Following days of reports and speculation regarding the perpetually on again,off-again purchase talks between Verizon Communications and Vodafone for the 45% stake in Verizon Wireless owned by the British conglomerate, both companies have finally and definitively settled on the purchase price for the percentage, to be valued around $130 billion.
This makes the deal one of the largest business transactions in current history, while making it the largest transaction in the domestic wireless telecom industry. Verizon Wireless was born out of a joint venture between Verizon Communications and Vodafone in 1999, whereby both companies setup a joint company merging together multiple smaller mobile providers in the US (many spun off from regional Bell System companies) to create one large nationwide cellular provider.
While Verizon Wireless was technically a part of Vodafone’s holdings and generated a healthy amount of profit for the European conglomerate in the billions at its peak, it was the only cellular affiliate to not directly operate under any Vodafone branding or even share technology with the main company, as Verizon Wireless launched CDMA service in 1999 and continues with the network into the late 2010 launch of LTE. This meant that Vodafone customers could not directly roam in the US without either buying another handset or buying an unlocked handset and roaming on either AT&T or T-Mobile and vice versa with Verizon Wireless customers until the later parts of the decade.
Another issue for Verizon Communications was the fact that the 45% stake prevented the carrier from completely integrating proper triple-play services with its wireless service despite being in direct control of the company, owing to clauses in the agreement that effectively siphoned any profit from integration to Vodafone, making any triple-play deal a money-losing proposition. With the deal now complete, Verizon Communications can now offer such service without any issues regarding profitability.
Finally, this deal will also be a boon for smaller rural carriers looking for better roaming agreements from Verizon Wireless, as its been one of the few carriers open to roaming agreements with favorable rates for rural carriers, opening the door for lower prices for smaller companies and affiliates, as they will be dealing directly with both the wireline and wireless companies, without having to deal with intermediaries from Vodafone.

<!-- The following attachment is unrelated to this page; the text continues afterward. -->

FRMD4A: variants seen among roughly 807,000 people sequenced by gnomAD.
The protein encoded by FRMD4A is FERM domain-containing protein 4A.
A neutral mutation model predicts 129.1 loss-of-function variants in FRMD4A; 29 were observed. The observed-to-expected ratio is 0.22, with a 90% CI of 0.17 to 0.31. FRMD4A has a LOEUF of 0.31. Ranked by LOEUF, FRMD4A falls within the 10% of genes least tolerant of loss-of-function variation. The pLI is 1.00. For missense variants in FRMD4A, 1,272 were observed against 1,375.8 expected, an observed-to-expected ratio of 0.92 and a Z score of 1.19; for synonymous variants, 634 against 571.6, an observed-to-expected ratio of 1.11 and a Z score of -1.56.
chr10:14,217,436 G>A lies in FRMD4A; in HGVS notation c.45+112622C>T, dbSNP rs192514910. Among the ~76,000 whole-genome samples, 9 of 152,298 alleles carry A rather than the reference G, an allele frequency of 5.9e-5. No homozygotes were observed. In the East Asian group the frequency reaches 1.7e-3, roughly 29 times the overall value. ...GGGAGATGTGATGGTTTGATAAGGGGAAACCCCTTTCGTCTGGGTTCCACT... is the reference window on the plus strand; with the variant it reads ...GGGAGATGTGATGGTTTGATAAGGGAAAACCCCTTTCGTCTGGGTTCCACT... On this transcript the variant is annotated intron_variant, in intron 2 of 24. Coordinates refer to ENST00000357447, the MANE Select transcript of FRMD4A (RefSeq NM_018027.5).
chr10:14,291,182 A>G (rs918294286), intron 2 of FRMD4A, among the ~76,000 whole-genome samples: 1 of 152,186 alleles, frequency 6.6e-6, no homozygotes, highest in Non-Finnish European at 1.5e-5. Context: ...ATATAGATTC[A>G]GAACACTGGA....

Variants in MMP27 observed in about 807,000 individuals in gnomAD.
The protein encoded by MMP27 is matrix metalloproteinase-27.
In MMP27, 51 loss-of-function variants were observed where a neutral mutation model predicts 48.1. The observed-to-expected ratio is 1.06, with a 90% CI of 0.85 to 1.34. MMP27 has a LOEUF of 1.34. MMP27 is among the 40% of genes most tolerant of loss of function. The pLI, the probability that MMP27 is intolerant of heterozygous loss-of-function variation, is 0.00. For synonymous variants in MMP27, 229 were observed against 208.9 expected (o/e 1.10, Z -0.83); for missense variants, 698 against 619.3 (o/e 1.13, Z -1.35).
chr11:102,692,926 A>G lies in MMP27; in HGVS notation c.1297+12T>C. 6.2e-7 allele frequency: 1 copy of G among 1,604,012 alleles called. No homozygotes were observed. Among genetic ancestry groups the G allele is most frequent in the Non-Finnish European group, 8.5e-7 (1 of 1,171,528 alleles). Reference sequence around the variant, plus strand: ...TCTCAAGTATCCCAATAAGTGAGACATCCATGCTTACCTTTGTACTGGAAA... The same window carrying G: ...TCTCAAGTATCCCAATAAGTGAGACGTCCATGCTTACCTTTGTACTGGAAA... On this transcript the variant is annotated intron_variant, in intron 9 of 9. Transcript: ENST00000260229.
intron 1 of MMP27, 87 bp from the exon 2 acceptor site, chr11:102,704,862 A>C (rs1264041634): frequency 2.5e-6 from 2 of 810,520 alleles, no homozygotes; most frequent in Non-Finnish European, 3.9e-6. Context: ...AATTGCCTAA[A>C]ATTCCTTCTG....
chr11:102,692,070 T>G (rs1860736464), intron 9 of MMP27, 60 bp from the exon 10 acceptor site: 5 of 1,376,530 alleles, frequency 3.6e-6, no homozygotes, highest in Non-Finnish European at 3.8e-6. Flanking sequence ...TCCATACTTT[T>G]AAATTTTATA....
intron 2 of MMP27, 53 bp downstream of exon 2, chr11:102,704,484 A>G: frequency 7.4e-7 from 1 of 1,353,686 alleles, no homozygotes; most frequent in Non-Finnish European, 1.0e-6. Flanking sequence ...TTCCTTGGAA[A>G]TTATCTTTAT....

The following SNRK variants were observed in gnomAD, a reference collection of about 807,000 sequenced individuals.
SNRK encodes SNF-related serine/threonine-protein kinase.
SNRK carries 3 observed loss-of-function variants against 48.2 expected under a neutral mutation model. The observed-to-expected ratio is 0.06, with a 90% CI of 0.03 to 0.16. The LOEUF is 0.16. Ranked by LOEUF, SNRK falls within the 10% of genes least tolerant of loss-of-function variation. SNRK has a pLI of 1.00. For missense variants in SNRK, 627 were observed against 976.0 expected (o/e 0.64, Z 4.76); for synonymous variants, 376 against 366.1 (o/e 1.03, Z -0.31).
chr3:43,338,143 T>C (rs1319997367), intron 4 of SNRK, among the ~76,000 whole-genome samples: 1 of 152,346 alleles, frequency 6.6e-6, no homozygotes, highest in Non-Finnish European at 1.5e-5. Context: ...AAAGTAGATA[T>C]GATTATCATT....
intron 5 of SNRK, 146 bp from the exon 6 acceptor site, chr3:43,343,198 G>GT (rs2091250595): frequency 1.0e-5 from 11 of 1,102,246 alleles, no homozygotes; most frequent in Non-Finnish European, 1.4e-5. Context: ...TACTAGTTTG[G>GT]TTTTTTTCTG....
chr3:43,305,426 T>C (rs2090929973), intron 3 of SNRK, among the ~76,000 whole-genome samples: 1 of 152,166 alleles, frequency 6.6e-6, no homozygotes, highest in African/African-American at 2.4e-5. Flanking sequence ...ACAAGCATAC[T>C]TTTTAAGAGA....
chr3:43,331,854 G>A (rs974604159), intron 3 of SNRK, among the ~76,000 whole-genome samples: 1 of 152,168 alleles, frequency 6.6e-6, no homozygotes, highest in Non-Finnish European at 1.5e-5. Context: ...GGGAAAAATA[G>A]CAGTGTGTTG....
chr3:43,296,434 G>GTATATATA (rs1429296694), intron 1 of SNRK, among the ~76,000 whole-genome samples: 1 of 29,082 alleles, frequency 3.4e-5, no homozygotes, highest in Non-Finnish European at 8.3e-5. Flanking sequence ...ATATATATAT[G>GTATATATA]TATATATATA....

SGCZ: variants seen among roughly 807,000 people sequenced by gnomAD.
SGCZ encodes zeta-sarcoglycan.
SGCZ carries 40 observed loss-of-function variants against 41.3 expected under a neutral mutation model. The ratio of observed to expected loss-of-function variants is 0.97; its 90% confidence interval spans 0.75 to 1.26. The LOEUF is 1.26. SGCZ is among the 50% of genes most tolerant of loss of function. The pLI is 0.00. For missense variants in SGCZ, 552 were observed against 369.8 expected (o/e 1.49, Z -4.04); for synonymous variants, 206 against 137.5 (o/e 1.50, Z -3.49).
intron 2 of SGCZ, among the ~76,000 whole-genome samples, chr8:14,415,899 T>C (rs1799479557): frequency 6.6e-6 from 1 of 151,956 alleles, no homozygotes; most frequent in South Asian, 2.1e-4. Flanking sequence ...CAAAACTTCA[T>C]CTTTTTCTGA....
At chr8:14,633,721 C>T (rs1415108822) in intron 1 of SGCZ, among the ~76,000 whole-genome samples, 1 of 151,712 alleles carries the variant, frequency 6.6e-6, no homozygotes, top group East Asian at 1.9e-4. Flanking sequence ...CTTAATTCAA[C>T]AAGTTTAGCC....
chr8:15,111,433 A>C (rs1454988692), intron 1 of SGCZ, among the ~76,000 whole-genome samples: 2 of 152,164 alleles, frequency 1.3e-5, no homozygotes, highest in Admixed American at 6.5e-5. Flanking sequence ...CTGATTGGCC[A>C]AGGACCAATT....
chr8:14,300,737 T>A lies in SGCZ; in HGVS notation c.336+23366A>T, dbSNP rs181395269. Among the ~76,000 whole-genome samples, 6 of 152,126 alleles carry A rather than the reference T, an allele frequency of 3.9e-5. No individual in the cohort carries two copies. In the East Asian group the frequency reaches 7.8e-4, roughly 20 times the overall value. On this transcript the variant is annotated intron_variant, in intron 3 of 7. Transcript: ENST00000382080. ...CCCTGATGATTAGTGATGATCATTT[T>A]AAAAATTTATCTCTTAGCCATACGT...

As for Vodafone, the European carrier is ironically one of the last carriers to roll out LTE service in the UK and continental Europe as of last week, with the goal to offer 97% LTE coverage by 2017, though with the current economic slowdown affecting the UK and the Eurozone, those plans have been continually adjusted further out every quarter. The carrier also has yet to mention how it will manage the funds from the transaction, though many analysts speculate the carrier will issue the profits through additional stock sales or a dividend to shareholders.
For Vodafone to let go of one of its few profit centers at this point in the company’s current position means that it wants to completely reorganize the way it does business in its key markets rather than focus on any ancillary holdings that it had no direct control over. The international markets have also responded favorably to the deal, with the carrier’s stock going up by 5% on the news of the completion of the deal.